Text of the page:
Using interviews to explore experiences of disability in sport and physical activity

Brighton, J. and Williams, T. (2007) Using interviews to explore experiences of disability in sport and physical activity. In: Medcalf, Richard and Mackintosh, Chris, eds. Researching Difference in Sport and Physical Activity. Palgrave. (In Press)

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Abstract

In this chapter we explore how interviews can be a useful method of qualitative data collection to be used with disabled athletes.

Firstly, we offer a definition of interviews and provide examples of how this method has been used effectively across multiple disciplines within disability sport and physical activity research.

Secondly, we explore how people have been conceptualised as ‘different’ and the models by which disability has been explained and (mis)understood.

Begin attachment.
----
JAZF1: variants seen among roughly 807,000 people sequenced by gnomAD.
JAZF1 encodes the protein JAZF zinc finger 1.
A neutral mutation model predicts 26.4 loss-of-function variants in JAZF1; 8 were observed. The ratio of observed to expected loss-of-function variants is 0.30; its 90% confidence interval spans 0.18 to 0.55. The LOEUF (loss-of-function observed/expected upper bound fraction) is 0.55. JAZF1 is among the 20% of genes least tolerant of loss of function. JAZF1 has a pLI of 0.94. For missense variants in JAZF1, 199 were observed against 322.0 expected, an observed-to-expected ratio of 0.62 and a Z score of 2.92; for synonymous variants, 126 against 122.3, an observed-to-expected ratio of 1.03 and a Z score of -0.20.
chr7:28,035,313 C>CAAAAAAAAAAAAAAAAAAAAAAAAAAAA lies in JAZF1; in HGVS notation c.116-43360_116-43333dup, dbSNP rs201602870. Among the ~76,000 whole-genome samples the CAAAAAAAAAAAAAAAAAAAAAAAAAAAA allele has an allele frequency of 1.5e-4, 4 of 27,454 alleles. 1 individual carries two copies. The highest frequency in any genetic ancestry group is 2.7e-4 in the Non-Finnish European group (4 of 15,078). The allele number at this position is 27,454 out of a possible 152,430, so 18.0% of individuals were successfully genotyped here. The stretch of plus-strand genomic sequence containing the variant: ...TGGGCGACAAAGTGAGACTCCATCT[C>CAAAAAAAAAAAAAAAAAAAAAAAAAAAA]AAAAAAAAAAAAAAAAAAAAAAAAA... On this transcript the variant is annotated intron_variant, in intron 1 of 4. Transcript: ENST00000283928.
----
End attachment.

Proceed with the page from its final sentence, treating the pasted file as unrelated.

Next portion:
Thirdly, we draw upon our own experiences of conducting interviews with research participants who have experienced spinal cord injury (SCI) and have subsequently engaged in disability sport (James) and physical activity for rehabilitation (Toni). In doing so, we reflect on how we were required to challenge assumptions informed by our own non-disabled, sexed and gendered bodies, inviting the reader to learn from these ‘confessions’ in informing their own research practices.

Finally, having provided some of these experiences in the ‘field’, we offer some brief suggestions for taking a more informed, reflexive and empathetic approach to interviewing disabled research participants in sport and physical activity.

Item Type: Book Section
Subjects: H Social Sciences
H Social Sciences > HM Sociology
Divisions: Faculty of Social and Applied Sciences > School of Human and Life Sciences
Depositing User: James Brighton
Date Deposited: 27 Sep 2017 11:00
Last Modified: 12 Oct 2017 13:48
URI: https://create.canterbury.ac.uk/id/eprint/16342

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Last edited: 29/06/2016 12:23:00